If we were to make a development of the drum pattern, we would use a defined process to alter the snare drum hits. Defined process? Well, we could do something like move all the hits one sixteenth of a bar earlier. Or we might gradually increase the density of snare drum hits (one in the first beat, two in the second beat, ... , four in the fourth beat). Or we might make the velocity (volume) of each snare drum hit increase as they progress throughout the bar. Or we might do all three.

                  Example two:
                  Let's say we have some melody, and make a copy and we want to change the notes on the copy. If we were to make a variation, we'd change the notes "randomly" - according to whatever we think sounds good.

                  If we were to make a development, we might do something like transpose each note one step higher than we transposed the previous note. Or we might change all upwards jumps to equal downwards jumps (and vice-versa). You might want to measure "steps" in your favourite scale, to avoid getting "wrong" notes. Or you might like the sound of the "wrong" notes.


                  The difference between variation and development, is that for variation we're using a defined process. You may also choose to think of it as a repeatable process. We could take the process that we used, and apply it to some other tracks, or another section.


                  From those examples, you might already be thinking about some ways in which development may be useful as an alternative to variation.

                  One advantage (that I've already mentioned) of development over variation is that you can use some process, and then apply the same (or a similar) process to other bits of music. For example, you could perform some development on a drum track during a bridge section, and then do the same thing on the bassline, or the chords, or whatever. Or you might make a development of the main melody, then perform and inverse or opposite development on the bassline.

                  Of course, multiple develpment doesn't have to be just in parallel - you could do them one after the other. For example, you might have a really dense drum pattern. You might have it plain once, then for the next repeat you could use some process to remove some hits. Then for the next repeat perform the same (or similar) process on the previous development, and keep doing that until the drum pattern is empty.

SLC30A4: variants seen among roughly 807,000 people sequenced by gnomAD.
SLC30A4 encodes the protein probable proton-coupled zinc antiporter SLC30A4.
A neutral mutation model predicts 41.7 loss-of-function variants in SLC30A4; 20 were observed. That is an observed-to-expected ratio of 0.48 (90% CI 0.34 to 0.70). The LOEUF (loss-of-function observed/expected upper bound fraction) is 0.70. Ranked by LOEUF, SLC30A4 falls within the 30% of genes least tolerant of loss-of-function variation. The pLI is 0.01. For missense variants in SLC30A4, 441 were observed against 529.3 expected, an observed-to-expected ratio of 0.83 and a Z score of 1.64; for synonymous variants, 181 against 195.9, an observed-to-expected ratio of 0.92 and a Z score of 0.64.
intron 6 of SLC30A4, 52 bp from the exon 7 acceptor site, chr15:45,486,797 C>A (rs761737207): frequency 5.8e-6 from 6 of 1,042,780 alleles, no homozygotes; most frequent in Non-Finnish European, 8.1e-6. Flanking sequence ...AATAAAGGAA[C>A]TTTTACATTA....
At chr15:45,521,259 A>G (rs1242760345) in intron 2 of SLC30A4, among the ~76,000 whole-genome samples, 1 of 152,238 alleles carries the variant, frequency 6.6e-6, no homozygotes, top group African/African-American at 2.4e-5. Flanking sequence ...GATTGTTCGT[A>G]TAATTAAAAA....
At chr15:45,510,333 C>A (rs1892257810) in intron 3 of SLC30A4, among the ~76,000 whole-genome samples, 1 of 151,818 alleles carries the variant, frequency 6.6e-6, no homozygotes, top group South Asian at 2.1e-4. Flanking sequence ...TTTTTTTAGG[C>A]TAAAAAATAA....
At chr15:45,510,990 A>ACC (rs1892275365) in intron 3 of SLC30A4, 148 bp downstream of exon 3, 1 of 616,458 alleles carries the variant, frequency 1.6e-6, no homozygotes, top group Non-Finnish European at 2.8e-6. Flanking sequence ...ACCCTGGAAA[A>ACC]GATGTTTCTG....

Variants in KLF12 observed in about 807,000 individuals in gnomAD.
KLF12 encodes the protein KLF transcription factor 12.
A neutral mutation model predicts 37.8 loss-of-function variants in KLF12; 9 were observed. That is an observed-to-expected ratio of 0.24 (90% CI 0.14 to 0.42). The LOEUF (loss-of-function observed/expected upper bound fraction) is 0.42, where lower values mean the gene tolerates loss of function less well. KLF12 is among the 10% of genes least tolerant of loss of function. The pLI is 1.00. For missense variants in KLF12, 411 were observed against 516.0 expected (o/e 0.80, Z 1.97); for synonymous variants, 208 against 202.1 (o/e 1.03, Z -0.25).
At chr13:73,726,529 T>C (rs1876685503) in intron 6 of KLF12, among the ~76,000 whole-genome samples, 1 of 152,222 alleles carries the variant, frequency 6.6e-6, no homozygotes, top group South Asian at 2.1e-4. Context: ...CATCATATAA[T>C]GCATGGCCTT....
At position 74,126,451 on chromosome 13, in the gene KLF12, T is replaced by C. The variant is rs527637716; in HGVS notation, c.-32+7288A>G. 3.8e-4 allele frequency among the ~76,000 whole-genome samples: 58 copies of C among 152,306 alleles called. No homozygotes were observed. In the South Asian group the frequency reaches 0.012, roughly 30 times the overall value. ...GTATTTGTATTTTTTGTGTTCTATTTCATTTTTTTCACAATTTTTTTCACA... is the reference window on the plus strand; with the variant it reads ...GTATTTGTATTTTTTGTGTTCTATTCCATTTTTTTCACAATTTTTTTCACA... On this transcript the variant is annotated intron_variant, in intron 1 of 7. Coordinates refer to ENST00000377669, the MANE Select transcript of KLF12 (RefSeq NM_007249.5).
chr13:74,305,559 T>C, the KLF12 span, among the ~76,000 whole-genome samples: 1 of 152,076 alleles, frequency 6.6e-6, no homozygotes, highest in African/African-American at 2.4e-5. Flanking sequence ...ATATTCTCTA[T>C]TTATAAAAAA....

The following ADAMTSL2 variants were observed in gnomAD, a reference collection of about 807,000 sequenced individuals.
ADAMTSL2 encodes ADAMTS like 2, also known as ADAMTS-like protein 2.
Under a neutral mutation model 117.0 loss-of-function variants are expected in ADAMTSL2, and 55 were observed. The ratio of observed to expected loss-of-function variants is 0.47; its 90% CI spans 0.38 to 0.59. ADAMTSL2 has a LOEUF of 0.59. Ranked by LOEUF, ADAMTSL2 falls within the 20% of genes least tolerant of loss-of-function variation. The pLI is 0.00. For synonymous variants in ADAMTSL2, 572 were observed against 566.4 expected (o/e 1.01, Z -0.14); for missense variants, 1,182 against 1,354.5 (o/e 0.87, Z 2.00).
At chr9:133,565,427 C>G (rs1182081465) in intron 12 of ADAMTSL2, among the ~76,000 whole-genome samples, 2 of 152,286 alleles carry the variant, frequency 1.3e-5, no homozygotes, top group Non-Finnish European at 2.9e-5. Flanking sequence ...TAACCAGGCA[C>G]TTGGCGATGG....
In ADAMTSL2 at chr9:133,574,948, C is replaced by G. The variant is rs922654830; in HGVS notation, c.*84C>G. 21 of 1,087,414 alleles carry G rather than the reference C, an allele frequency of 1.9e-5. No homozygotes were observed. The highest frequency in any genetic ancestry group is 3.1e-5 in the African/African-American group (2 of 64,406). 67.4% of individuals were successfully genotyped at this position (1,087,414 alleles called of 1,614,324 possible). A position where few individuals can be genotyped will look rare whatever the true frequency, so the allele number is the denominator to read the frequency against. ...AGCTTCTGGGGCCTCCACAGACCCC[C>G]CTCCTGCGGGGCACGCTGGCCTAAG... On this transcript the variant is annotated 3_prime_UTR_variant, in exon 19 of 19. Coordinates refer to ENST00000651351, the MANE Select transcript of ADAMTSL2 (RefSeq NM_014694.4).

Another interesting approach could be to apply a similar process across different lengths of time. For example, you could come up with a process to let you thin out a drum pattern rapidly - so that at the start of the bar it is complete, but by the end of the bar there is nothing left. You could then apply a similar process to the bassline, but across two bars. Then do the same thing to the pad, but across four bars. Then the meldoy, across eight bars.... or something like that.


                  Keep in mind that while I'm using typical tradtitional western music constructs (notes, metric rhythm, drums, melody, chorus, etc) for examples I'd like to point out that these principals (all of them) are appropriate to almost all kinds of music. I choose these examples so the majority of readers will be able to understand them.


                  Anyway, I hope that gives you all some more ideas for composition!


                  Forever,




                  Kim.
                  <div class="signaturecontainer"><a href="http://acapella.harmony-central.com/forums/showthread.php?s=&amp;threadid=361618&amp;perpage= 20&amp;pagenumber=1" target="_blank">The Composition Thread</a> is sticky!<br />
                  <font size="1"> There is no heavier burden than a great potential.<i>- Unknown source</i></font></div>

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                  • #54
                    I don't know if you're also getting to this at a certain point, because it deals a bit more with theory than composition - but I can't help to recommend an URL that somewhat deals with both : Chord Progressions, Simple and Complex. It might help you since the letters "A A' B A B B'" might not exactly stir the inspiration in you, so there's your way to fill in the A's, A''s and B's.

                    The simple map:
                    http://members.aol.com/chordmaps/part3.htm